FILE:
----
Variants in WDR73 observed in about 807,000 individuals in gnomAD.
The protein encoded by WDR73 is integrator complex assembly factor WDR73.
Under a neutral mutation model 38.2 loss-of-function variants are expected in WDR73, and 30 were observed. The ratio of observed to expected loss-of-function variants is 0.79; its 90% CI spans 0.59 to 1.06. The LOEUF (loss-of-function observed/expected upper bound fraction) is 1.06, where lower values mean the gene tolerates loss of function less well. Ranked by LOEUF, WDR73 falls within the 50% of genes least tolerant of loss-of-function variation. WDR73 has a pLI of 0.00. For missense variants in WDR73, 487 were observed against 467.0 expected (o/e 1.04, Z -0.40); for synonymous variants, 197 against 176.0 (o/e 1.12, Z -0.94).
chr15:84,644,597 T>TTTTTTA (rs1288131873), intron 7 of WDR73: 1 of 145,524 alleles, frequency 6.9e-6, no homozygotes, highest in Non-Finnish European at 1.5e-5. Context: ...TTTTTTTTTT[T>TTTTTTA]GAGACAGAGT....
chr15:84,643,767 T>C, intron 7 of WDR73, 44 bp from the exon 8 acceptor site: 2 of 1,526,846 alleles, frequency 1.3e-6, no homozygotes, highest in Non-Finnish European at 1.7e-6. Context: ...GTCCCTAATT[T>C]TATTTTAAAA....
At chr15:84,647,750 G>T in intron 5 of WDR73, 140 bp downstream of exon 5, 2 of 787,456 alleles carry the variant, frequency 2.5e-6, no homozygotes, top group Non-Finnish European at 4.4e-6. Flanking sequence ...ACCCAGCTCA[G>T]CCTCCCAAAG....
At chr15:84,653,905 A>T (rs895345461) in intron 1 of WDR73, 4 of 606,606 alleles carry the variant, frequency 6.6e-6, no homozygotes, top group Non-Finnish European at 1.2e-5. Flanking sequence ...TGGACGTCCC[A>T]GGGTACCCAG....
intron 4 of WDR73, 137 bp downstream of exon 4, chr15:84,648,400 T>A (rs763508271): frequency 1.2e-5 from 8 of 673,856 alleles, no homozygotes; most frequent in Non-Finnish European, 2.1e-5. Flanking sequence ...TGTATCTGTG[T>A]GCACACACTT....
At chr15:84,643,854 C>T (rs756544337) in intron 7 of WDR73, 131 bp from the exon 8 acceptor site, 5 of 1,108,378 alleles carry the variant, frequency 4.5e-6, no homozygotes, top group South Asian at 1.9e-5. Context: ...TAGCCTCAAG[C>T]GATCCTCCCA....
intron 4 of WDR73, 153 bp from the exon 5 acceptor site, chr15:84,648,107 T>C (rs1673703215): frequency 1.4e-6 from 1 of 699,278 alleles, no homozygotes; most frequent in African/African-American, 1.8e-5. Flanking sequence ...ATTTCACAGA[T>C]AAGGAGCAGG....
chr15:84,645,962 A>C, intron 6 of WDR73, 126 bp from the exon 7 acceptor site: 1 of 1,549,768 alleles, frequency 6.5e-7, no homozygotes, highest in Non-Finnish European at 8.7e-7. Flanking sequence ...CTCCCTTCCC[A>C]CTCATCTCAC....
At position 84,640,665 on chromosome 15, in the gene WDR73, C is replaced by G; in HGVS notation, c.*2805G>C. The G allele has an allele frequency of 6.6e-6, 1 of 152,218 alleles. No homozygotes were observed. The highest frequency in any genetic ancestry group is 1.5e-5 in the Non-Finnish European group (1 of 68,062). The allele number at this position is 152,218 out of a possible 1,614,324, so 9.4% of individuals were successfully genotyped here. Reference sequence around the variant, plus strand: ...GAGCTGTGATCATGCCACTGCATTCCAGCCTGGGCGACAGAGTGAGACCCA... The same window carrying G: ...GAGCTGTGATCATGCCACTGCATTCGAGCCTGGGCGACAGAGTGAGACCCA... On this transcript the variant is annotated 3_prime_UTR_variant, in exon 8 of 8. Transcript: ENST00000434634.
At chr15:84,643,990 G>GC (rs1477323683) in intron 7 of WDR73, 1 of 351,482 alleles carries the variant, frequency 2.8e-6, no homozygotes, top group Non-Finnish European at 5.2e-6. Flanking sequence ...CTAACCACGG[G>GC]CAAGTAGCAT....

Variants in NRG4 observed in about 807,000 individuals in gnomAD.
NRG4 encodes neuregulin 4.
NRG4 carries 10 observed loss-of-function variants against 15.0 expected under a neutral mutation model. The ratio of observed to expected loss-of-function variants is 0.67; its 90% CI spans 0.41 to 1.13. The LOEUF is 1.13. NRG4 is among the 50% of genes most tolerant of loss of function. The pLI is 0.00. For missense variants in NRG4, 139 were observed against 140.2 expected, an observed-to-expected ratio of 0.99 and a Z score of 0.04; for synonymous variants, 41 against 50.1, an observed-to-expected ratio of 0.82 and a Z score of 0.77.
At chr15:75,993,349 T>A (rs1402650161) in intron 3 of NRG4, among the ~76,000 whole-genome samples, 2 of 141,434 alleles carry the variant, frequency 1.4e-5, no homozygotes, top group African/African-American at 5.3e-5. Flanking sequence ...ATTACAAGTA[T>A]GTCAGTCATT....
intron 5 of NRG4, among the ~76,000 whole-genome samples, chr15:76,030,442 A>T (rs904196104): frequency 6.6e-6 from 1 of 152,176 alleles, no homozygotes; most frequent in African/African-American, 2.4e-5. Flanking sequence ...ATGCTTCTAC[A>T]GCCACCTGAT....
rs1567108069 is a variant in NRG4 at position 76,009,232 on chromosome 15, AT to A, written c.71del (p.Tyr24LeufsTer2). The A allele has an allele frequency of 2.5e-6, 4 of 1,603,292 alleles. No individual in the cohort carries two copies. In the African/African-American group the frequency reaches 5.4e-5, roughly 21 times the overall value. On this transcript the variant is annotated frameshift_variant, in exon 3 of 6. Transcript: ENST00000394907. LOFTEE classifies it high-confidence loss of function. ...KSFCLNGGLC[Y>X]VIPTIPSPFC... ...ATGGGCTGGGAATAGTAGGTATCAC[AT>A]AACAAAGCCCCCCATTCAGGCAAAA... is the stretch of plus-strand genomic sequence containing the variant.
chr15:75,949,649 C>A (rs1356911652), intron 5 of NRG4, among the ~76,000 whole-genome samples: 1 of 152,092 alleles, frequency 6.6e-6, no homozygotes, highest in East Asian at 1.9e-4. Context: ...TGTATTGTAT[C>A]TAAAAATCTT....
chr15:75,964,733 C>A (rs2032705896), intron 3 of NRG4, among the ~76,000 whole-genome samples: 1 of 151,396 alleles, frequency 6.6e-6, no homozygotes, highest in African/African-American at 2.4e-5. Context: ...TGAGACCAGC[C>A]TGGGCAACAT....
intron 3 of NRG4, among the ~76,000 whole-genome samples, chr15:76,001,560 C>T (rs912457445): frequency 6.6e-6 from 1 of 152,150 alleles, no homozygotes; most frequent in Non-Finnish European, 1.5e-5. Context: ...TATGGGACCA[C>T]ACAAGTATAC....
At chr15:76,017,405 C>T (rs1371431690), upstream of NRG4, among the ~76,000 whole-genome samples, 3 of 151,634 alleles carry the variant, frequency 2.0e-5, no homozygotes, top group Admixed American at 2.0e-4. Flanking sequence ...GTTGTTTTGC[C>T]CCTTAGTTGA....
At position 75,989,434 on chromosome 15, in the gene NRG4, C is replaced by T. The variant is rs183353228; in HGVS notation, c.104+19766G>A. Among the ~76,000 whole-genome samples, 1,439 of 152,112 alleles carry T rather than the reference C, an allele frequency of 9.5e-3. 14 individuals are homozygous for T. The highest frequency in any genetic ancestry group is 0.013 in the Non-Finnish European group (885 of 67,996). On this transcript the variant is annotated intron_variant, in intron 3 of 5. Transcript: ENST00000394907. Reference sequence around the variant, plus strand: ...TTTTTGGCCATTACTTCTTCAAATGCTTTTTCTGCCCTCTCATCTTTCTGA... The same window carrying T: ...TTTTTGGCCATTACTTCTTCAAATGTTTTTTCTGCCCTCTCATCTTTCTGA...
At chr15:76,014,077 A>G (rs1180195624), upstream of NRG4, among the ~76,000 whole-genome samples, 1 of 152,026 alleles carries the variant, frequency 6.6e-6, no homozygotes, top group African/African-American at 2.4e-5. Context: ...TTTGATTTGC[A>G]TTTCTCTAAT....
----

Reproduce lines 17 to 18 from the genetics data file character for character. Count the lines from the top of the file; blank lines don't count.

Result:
At chr15:75,993,349 T>A (rs1402650161) in intron 3 of NRG4, among the ~76,000 whole-genome samples, 2 of 141,434 alleles carry the variant, frequency 1.4e-5, no homozygotes, top group African/African-American at 5.3e-5. Flanking sequence ...ATTACAAGTA[T>A]GTCAGTCATT....
intron 5 of NRG4, among the ~76,000 whole-genome samples, chr15:76,030,442 A>T (rs904196104): frequency 6.6e-6 from 1 of 152,176 alleles, no homozygotes; most frequent in African/African-American, 2.4e-5. Flanking sequence ...ATGCTTCTAC[A>T]GCCACCTGAT....